• Clinical science

Carotid-cavernous fistula (Caroticocavernous fistula…)

Abstract

A carotid-cavernous fistula is an abnormal communication between a carotid artery and the cavernous sinus. It is most commonly caused by trauma. The fistula leads to a high-pressure inflow of arterial blood into the venous sinuses, resulting in compression and damage to adjacent structures. The main symptom is diplopia, caused by compression injury of the oculomotor nerves. Other common symptoms include pulsatile tinnitus, exophthalmos, and headache. Diagnosis is established based on typical findings on CT/MRI or angiography (e.g., enlarged cavernous sinus). The preferred treatment method is endovascular occlusion of the fistula with balloons or coils.

Definition

  • Direct (“high-flow”) carotid-cavernous fistula (most common)
    • Abnormal communication between the cavernous sinus and the intracavernous internal carotid artery
    • Typically rapid onset of symptoms
  • Indirect (“low-flow” or “dural”) carotid-cavernous fistula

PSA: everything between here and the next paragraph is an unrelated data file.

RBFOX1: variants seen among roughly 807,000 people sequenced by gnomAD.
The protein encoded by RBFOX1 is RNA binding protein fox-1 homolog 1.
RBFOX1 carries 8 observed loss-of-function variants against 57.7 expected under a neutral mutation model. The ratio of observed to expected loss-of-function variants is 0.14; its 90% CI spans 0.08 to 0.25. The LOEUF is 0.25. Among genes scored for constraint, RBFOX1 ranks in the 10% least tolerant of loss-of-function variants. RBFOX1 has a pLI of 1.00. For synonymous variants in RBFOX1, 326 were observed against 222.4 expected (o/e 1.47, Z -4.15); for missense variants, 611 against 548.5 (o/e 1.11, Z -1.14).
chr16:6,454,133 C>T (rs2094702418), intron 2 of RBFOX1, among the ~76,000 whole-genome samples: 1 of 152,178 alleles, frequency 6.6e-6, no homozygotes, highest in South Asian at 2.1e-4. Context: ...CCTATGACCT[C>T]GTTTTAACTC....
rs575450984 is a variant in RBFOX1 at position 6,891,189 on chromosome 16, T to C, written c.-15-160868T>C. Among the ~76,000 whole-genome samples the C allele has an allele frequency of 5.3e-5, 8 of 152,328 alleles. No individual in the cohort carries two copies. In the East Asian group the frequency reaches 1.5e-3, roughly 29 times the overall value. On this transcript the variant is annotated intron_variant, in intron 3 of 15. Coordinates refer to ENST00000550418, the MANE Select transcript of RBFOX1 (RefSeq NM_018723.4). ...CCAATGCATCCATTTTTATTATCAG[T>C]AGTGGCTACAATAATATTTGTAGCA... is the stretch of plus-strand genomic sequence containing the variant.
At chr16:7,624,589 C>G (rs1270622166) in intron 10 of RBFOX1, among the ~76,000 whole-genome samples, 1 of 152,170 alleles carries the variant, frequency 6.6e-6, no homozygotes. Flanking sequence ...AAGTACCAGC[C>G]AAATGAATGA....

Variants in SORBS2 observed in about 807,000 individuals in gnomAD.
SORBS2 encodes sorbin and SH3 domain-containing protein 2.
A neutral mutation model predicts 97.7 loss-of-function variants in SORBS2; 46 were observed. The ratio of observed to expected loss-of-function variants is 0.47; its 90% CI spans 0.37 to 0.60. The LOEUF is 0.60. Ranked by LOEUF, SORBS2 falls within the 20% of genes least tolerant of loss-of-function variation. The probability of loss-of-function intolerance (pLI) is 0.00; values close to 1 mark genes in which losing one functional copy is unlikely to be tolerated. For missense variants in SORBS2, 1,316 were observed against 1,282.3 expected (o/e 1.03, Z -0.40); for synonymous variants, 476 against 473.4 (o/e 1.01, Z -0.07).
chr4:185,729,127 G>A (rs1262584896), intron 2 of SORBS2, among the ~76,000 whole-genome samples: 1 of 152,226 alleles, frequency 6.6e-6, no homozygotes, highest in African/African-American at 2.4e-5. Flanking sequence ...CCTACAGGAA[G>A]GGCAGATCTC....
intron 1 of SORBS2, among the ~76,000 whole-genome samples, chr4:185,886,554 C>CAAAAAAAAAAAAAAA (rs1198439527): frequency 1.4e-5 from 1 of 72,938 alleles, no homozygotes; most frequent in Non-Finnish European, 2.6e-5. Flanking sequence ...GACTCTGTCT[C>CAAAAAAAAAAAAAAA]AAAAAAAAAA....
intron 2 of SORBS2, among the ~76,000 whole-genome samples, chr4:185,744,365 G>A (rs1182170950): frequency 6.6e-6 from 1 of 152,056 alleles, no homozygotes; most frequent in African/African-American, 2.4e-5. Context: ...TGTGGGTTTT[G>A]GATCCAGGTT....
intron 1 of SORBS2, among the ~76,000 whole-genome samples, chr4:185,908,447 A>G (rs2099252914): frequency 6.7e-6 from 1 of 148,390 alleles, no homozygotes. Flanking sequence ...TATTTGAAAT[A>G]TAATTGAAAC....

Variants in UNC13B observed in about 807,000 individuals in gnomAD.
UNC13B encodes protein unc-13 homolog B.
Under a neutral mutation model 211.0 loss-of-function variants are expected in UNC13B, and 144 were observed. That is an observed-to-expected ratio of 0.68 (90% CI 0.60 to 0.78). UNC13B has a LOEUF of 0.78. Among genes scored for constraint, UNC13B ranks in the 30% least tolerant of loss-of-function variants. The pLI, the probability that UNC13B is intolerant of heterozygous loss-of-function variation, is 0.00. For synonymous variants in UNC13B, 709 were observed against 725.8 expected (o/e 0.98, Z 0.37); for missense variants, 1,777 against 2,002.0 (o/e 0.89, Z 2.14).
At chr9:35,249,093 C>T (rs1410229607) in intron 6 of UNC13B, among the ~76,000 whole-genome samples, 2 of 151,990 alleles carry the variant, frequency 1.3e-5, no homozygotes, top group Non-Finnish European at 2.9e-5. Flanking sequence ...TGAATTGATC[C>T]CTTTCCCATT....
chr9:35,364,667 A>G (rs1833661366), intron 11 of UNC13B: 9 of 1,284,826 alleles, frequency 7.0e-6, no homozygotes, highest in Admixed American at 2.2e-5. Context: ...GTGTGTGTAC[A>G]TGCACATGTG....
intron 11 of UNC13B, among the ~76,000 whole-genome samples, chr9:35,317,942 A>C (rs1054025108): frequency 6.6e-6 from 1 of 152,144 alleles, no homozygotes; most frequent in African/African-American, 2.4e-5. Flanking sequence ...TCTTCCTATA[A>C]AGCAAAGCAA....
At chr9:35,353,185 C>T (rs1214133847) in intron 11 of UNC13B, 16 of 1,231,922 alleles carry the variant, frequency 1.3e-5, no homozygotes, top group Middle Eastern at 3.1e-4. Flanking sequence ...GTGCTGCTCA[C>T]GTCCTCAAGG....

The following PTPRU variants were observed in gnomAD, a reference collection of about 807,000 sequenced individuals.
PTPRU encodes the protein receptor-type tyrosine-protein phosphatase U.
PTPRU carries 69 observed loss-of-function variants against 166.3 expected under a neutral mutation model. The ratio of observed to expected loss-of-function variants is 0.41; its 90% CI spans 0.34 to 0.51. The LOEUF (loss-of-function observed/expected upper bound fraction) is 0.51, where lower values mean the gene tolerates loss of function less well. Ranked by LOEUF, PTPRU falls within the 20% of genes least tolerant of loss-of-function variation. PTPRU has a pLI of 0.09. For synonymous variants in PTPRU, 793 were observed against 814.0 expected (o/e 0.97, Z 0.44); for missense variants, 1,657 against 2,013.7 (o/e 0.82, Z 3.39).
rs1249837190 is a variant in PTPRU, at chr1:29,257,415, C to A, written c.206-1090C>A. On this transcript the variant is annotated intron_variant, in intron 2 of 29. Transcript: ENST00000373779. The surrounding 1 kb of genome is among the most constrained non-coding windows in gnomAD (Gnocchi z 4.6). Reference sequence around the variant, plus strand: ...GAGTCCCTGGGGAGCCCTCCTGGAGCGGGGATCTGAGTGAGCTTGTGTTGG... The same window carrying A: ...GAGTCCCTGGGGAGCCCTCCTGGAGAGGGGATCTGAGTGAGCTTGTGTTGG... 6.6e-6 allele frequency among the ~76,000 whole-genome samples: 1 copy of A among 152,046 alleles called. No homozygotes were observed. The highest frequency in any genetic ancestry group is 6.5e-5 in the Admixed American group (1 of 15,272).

• Abnormal communication between the cavernous sinus and branches of the internal and/or external carotid artery within the dura mater
    • Typically gradual onset of symptoms

References:[1][2][3]

Etiology

  • Direct carotid-cavernous fistula
    • Secondary to head trauma
    • Spontaneous
  • Indirect carotid-cavernous fistula

References:[2][4]

Pathophysiology

  • Arteriovenous fistula formation → high-pressure inflow of arterial blood into venous system → venous congestion

Clinical features

Onset of symptoms may be abrupt or gradual, depending on whether the fistula is direct or indirect:

If not treated swiftly, carotid-cavernous fistulas may result in cerebral hemorrhage/infarction, intracranial hypertension, vision loss or death!

References:[1][2][5]

Diagnostics

  • Initial studies help confirm the diagnosis.
    • CT/MR (with or without angiography) may show:
      • Proptosis
      • Enlargement of the cavernous sinus
      • Expansion of the superior ophthalmic vein(s)
      • Skull fractures (if fistula is due to trauma)
      • Abnormal cavernous sinus flow
    • Ultrasound with transcranial Doppler: shows increased blood flow
  • Cerebral angiography
    • Gold standard for diagnosis (and treatment)
    • Visualization of feeding vessels and blood flow

References:[1][2]

Treatment

  • Embolization using balloons or coils
    • Direct fistulas: transarterial approach
    • Indirect fistulas: transvenous approach
  • Neurosurgery
    • Indicated if endovascular interventions fail or are not possible
    • Occlusion of the fistula via suturing or packing

References:[2]

last updated 12/13/2017
{{uncollapseSections(['8vaOb5', 'Eva8b5', 'Dva1X5', '9vaNX5', 'CvaqX5', 'yvadc5', 'zvarc5'])}}